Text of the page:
It is instructive to see how people in different regions choose to live. Given the variations in climatic conditions, individual tastes and local resources, there exist fine differences between these homes, represented in miniature form at the museum.

Essentially, these miniatures represent European interiors from the late 13th century to the 1930s and American furnishings from the 17th century to the 1930s. These were constructed on a scale of one inch to one foot. Conceived by Mrs. James Ward Thorne of Chicago and constructed between 1932 and 1940 by master craftsmen according to her specifications, the sheer attention to details in all of these is truly captivating.

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Vision and Mission Statements of corporates adorn their walls and can be readily copied. However, the value system of an organization is not something which can be copied very easily. It permeates the entire organization – its hierarchy, its various divisions or departments. It rubs off on most of its employees. Even service providers and supporting manufacturers get tuned to the same frequency. It would perhaps not be wrong to surmise that values are to an organization what the soul is to a physical body. Organizations which thrive over a long period of time and achieve sustainable commercial success would invariably be found to have sound values at the core of their operations.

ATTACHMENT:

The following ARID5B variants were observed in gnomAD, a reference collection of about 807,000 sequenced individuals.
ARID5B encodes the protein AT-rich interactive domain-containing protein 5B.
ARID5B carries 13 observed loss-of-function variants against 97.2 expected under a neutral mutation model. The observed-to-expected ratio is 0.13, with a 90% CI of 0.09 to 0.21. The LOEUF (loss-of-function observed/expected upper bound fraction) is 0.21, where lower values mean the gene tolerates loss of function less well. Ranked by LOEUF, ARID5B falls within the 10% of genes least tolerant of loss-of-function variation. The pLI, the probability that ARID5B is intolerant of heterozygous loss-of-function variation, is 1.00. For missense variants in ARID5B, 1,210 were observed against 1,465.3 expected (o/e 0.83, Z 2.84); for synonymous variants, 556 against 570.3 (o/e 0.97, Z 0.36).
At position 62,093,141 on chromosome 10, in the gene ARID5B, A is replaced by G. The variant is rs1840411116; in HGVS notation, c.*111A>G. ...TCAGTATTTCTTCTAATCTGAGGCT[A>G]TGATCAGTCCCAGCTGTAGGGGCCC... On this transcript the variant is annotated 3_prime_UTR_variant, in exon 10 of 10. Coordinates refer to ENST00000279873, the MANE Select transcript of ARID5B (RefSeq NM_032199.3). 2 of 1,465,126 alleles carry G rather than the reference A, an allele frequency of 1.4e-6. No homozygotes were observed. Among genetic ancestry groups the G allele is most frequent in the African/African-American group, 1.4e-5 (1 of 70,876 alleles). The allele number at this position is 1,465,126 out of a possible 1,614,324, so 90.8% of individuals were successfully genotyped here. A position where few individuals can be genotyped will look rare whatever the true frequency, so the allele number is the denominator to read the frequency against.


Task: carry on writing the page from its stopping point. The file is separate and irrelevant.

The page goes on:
Manifestation of values